The scale of one-and-a-half inches to the mile allows a wealth of detail on the map.  The many turnpikes reflect the number of Turnpike Trusts set up in the eighteenth century in an attempt to improve stretches of roads.
  Thomas Pride was an estate surveyor based in Bloomsbury, London , so the emphasis on estates may derive from this experience.  More importantly, the map was a commercial venture.  It would have been vital for pride to depict the estates with care as the estate owners - he hoped - would be buying the map.

Extract from Pride's own title to "Reading"
A TOPOGRAPHICAL MAP of the TOWN of READING & the COUNTRY adjacent to an Extent of TEN MILES; describing the Main and Crofs Roads; also the SEATS and PARKS of the Nobility and Gentry; the Towns, Parifhes, Hamlets, Tithings, Villages, Farms, Rivers, Brooks, Woods, Hills, Valleys, Heaths, Commons, and every remarkable Place within the Survey.

James PIGOT and Co. fl. 1829-35
Entry from “Antique maps”
   1829  British Atlas of the Counties of England 1831-44 7 re-issues
            1846  Re-issued by Isaac Slater as British Atlas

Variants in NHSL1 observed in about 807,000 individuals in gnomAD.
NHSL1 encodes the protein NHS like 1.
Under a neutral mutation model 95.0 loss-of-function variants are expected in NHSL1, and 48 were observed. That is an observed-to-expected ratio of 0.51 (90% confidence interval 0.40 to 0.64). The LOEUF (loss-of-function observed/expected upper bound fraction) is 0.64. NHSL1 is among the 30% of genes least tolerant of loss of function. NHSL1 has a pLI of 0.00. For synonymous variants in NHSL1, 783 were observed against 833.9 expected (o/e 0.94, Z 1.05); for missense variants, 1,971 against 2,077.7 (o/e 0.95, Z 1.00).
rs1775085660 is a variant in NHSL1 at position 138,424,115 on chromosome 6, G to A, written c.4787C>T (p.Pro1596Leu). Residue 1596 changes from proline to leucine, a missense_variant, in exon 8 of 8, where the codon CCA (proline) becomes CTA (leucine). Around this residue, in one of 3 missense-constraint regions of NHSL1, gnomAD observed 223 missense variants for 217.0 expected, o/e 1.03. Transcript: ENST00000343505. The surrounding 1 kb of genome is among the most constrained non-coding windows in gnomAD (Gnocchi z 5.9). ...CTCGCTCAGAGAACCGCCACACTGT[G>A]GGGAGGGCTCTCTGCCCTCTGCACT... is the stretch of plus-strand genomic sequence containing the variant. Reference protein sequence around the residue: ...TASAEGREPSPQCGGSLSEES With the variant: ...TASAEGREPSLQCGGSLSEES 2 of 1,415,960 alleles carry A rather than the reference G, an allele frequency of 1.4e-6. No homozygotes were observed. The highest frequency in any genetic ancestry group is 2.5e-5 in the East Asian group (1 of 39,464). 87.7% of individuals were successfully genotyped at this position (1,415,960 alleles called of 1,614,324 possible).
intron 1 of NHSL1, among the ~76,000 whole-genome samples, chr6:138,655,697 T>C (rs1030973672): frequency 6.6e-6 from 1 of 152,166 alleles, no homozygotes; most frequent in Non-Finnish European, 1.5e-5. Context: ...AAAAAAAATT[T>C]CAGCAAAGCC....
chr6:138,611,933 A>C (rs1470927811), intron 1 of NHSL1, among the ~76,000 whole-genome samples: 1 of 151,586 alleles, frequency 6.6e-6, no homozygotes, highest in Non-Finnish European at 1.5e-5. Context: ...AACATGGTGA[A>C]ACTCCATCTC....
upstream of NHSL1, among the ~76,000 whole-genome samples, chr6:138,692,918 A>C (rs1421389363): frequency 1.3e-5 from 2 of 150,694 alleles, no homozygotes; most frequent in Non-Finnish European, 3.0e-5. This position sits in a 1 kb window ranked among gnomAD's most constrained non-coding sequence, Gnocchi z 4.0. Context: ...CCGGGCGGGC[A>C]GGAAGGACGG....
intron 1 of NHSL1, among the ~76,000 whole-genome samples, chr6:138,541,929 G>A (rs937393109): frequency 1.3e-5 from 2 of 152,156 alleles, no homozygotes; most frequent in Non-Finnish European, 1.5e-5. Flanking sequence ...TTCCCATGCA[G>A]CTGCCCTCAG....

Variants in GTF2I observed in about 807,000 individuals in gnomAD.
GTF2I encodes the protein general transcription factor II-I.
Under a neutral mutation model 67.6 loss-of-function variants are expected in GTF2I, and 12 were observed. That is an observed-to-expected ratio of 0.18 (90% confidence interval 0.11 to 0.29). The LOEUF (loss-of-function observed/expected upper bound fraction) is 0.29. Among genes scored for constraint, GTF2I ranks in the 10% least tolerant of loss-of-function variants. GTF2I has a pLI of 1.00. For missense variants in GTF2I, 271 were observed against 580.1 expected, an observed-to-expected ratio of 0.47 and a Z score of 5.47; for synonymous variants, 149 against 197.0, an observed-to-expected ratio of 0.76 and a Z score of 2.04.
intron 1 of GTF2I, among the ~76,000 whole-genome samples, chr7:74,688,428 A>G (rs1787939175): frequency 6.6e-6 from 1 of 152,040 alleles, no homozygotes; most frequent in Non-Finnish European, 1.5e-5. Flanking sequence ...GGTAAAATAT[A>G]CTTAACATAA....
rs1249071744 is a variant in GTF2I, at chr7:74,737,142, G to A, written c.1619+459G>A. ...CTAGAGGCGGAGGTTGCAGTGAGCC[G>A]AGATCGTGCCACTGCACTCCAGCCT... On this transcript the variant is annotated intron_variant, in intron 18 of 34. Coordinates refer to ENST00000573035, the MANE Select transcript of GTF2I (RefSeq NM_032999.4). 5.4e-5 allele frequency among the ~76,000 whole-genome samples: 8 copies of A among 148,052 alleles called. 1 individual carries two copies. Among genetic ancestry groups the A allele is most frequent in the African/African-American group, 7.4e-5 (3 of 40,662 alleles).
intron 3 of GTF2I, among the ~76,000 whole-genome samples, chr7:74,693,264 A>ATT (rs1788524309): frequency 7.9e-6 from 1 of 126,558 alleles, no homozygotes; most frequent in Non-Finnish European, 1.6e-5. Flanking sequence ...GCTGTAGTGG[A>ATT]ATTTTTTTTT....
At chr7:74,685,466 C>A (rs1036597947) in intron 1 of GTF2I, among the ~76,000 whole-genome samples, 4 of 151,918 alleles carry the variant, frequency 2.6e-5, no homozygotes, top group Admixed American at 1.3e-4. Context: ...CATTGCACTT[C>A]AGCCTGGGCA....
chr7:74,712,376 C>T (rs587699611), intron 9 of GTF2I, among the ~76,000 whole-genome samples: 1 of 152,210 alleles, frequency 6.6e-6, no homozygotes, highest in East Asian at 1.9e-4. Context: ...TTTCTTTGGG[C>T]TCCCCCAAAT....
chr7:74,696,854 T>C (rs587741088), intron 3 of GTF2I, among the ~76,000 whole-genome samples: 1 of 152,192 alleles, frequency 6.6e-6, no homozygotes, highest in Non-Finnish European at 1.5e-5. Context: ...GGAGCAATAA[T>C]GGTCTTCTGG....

1835  Pocket Topography and Gazetteer of England 1842 Re-issued

   1792   Topography (road maps)

John ROCQUE c. 1704-62
Entry from “Antique maps”
Little is known of John Rocque's early life except that he was of Huguenot extraction and was living and working in London as an engraver from about 1734. His early experience in preparing plans of great houses and gardens for the nobility led him to take up large-scale surveying for which he developed a distinctive and effective style involving new ways of indicating land use and hill contours. He is best known for a very large-scale plan of London published in 1746 and for a pocket set of county maps, The English Traveller, issued in the same year. He spent some years in Ireland surveying for estate maps and in 1756 he published a well-known Exact Survey of the City of Dublin.